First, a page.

Want: To annex the Arkestran city in the marshes just north of Yealmark, along with all of the surrounding land visible on the Unlucky Isles region map up to the border of the Wastes. Yealmark correctly views the Wastes as a barrier to the Dominion reacting quickly enough to stop them (holding this territory, however, is a different story).
Brundir: A staunch ally and former patron. The Nuav Free Spears have become a more potent force since they established a home base, including shipping, trade, training grounds, etc., in Yealmark, and that’s thanks to Brundir.
Want: To add another piece of Brundir to Yealmark. The Free Spears have their eye on the disputed island between Brundir and the Dominion. Having it deeded to them would take the problem of defending/contesting it off Brundir’s plate, while also giving Yealmark a larger foothold in the Isles — and more room to invite other Nuav mercenary companies to join them here.
Kadavis: Potential customers, especially Kidav Taur. The Free Spears have been exploring the possibility of helping Kidav Taur achieve its independence — but the catch is that the Miarans can’t afford them.
Want: Rumor has it that Bruzas, the Free Spears’ primary deity from back in Nuav, once traveled to Rasu Miar and drenched the entire island in sacred blood. Where the blood pooled, strange things grew. The Spears want to find these holy sites — and if they do, they may lay claim to Rasu Miar on that basis.
Meskmur: A mysterious place whose neutrality means it isn’t likely to buy the Free Spears’ service, and therefore not of particular interest.
Want: Yealmark wants to know more about Deathsmoke Isle and the Red Twins who are said to live in its volcanoes. Their religion teaches that fire and heat are the stuff of life, but Deathsmoke appears to bring only death to Rasu Miar. The first Free Spears scouts sent to the island disappeared without a trace.
Ahlsheyan: A wealthy potential customer. Right now, Brundir pays better — and being granted Yealmark has won the Free Spears’ long-term allegiance. But like any mercenary company, their allegiance can be bought…and Ahlsheyan has deep pockets.
Want: The Free Spears have established a handful of secret outposts in the foothills of the mountain range that crosses northern Ahlsheyan. They intend to gradually build up their strength there and then offer both Brundir and Ahlsheyan the opportunity to employ the Spears in a surprise attack; the low bidder gets attacked.
Arkestran Dominion: A sleeping giant, best ignored if at all possible — but if they turn their attention south again, they will need to be met with force. The Red Admiralty has spies (mainly elves) in the Dominion’s southern reaches, hard at work helping to foment the rebellion that simmers there so fighting it will keep the Dominion busy.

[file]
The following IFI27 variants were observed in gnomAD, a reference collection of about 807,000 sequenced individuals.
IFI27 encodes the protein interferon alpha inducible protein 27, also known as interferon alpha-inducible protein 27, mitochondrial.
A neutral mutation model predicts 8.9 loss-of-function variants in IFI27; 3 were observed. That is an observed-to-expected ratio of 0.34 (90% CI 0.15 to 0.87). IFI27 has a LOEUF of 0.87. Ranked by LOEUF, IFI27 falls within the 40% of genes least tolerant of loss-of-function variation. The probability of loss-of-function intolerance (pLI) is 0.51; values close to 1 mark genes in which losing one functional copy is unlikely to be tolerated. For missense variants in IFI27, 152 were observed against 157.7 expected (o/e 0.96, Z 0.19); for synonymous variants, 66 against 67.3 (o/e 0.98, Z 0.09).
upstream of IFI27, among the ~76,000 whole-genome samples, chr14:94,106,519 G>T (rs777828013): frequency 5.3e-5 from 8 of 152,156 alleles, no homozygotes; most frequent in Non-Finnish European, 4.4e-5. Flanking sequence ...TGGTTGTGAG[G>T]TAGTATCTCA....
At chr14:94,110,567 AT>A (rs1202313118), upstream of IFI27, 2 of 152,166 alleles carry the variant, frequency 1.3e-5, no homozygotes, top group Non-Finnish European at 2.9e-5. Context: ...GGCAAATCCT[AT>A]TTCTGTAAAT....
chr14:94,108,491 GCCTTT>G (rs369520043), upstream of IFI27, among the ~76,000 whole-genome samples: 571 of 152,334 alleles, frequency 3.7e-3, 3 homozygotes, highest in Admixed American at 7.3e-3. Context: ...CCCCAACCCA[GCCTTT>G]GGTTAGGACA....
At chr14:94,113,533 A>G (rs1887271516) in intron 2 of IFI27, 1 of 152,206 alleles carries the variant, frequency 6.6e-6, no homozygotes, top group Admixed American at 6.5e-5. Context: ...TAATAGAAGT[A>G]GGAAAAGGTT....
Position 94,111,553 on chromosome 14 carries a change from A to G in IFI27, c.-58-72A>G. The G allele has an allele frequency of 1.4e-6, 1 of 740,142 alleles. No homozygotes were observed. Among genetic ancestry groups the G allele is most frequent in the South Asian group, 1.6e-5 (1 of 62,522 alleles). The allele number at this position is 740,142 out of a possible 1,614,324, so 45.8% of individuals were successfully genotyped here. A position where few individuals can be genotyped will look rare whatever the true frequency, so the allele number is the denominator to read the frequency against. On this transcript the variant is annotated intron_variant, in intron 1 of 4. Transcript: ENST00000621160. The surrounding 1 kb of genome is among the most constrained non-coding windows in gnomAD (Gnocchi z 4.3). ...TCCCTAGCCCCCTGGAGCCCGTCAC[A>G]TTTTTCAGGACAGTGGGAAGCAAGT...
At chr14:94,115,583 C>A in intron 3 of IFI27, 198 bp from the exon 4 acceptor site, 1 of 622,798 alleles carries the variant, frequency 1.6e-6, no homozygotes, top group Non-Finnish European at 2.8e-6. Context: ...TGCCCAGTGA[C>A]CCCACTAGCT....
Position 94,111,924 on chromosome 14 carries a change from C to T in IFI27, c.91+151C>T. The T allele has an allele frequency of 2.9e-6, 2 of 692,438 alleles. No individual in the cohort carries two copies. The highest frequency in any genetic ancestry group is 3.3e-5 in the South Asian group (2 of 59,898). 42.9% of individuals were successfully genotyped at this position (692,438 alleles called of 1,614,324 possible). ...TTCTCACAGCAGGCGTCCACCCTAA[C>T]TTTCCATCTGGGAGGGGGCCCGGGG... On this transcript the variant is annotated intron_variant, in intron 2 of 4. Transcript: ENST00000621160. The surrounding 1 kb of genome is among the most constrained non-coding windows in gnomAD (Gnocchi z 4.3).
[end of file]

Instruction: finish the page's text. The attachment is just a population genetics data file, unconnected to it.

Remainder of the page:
Want: To goad the southern reaches into open revolt against the rest of the Dominion.
Yealmark: A staunch and incredibly useful ally. The Red Admiralty sees only benefits in maintaining strong ties with Yealmark, and is careful to never imply that Yealmark is a “client state” — although elements of the Admiralty view it as one.
Want: To ensure control over the Free Spears, the Red Admiralty wants to bury a set of haunted relics throughout the capital city. Brundiri Afuna Kavθa (“uh-FOO-nuh KAW-thuh,” wizards who are part ghost-talker and part spirit-wrangler, and almost always haunted themselves) would be able to use those relics to bedevil, beguile, haunt, or assassinate Yeal officials as needed.
Kadavis: A potential catspaw, but also a valuable trading partner. Mainland Kadavis cares little for Rasu Miar, and the island itself is split between loyalists and secessionists. Manipulating Rasu Miar can help Brundir maintain its status as the principal power in the Isles.
Want: Brundir’s Red Admiralty wants to goad Rasu Miar (and especially Kidav Taur) into attacking Meskmur — a rival power broker and the controller of volcanic smoke that could easily be redirected to Brundir.
Meskmur: A twofold threat, but also useful one. One, Meskmur conserves its considerable power by remaining outwardly neutral in the Isles (never officially confirming that it is slowly destroying Rasu Miar via Deathsmoke Isle), and Brundir would like to cement its own role as a power broker. And two, if Meskmur decides the Deathsmoke plume should veer west instead, it would threaten the very existence of Brundir.
Want: The Admiralty wants to assassinate Meskmur’s deities, the Red Twins of Deathsmoke Isle, thereby permanently removing the threat posed by the twin volcanoes — and much of Meskmur’s hidden power in the Isles.
Ahlsheyan: With its expertise in shipbuilding, powerful navy, and foothold on Brundir’s doorstep, Ahlsheyan poses a threat to Brundir’s dominance of the Isles. But since Brundir took the significant half of Slljrrn Isle, the Admiralty has strived to keep the two kingdoms in a state of uneasy peace — one that still allows trade, and which avoids open war.
Want: To convince Ahlsheyan’s seaport on Slljrrn Isle to declare its independence and join Brundir, either outright or as a client state. The city is relatively distant from Ahlsheyan’s political center, and Brundir already controls half of the island where it is located. With the Red Admiralty in charge, this is a campaign of sabotage, diplomacy, assassination, infiltration, and skullduggery.